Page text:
LGIM partners with Tumelo to launch pass-through voting

First offering by a UK asset manager will allow use of custom voting policies, and will be trialled by Camden pension fund.

Voter's hand holding a proxy vote ballot, inserting the vote card into the ballot box. Concept image of democracy and the election process for corporate election, board election, and governmental or business policy decisions. Voters making their selection and voting through a proxy ballot. Photographed in horizontal format.

LGIM has become one of the first UK-based asset managers to offer pass-through voting to its clients, signing an agreement with stewardship and voting fintech Tumelo to allow clients to put their own voting policy in place in pooled funds.

The firm had previously offered its clients the ability to put in place an “expression of wish”, allowing them to communicate preferences in a non-binding manner, but clients will now be able to put their own voting policy in place for pooled funds.

The service is being trialled with the £2 billion ($2.4 billion; €2.3 billion) Camden LGPS scheme, which will now apply its bespoke voting policy, provided by proxy adviser PIRC, across all its investments.

Expected to be available in early 2024, all of LGIM’s DB and DC clients will be able to use the service in its UK pooled equity index funds. The LGIM offering will allow clients to put in place their own custom voting policy.

While it claims to be the first UK manager to offer this service, LGIM joins a number of large US and European asset managers that allow clients to direct their votes.

DWS and Northern Trust partnered with AMX and Minerva Analytics to launch a service in 2021 and both BlackRock and State Street have given clients the ability to vote their shares in some pooled funds, although the practice is not widespread. As of 30 June this year, $586 billion of BlackRock’s client assets had signed up to the service.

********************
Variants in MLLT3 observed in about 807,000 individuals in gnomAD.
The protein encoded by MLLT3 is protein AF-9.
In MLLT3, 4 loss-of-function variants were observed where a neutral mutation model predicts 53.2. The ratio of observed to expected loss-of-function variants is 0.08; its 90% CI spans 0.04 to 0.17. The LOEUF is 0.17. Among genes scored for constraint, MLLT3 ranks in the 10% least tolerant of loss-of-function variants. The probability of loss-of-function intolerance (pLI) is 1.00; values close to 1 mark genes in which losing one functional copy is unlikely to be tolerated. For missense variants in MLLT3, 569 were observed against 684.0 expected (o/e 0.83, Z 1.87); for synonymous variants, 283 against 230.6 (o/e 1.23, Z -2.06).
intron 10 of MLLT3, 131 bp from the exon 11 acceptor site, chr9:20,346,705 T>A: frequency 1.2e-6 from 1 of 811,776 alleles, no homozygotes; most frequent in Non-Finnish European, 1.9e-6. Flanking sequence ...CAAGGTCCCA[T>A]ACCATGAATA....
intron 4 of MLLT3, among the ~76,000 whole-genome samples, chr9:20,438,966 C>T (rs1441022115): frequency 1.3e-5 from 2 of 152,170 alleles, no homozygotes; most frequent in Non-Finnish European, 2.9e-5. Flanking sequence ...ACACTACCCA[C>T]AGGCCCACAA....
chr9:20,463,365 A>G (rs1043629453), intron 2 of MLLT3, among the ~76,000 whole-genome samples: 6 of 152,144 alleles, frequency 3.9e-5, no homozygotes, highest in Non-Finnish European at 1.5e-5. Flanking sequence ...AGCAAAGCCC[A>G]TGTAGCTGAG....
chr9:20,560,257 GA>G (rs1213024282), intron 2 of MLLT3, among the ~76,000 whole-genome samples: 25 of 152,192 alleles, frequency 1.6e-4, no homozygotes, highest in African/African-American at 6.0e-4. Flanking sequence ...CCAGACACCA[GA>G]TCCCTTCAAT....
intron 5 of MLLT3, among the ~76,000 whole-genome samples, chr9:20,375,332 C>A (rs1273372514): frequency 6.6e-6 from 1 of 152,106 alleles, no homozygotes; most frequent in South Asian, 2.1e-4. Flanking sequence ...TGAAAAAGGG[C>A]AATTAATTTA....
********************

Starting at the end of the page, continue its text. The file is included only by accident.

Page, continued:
Rishi Madlani, chair of the pension committee at Camden pension fund, said that the fund had always been forced to accept manager policies in its pooled funds.

“This has led to misalignment of voting across our portfolio and sometimes with our own responsible investment beliefs,” he said, adding that the fund will now have “one strong voice” on issues such as remuneration and climate change. He said he hoped the decision would inspire other LGPS funds to use pass-through voting.

Alan MacDougall, managing director of PIRC, said the move showed “there are no longer any barriers to asset owners who want to vote their own way”. Managers have previously cited regulatory and technical barriers, as well as the impact on their own stewardship efforts if they do not control voting.

The move comes amid UK asset owners’ growing dissatisfaction with the voting policies of their asset managers. One group of UK asset owners has commissioned academic Andreas Hoepner to conduct a review of asset manager voting and stewardship at oil and gas companies.

The group revealed more details of its review on Friday. The research will compare voting patterns between asset owners and managers at a number of oil and gas companies, as well as comparing stewardship intentions set out in reporting and actual voting patterns. Glass Lewis will also take part, with results presented on 12 October.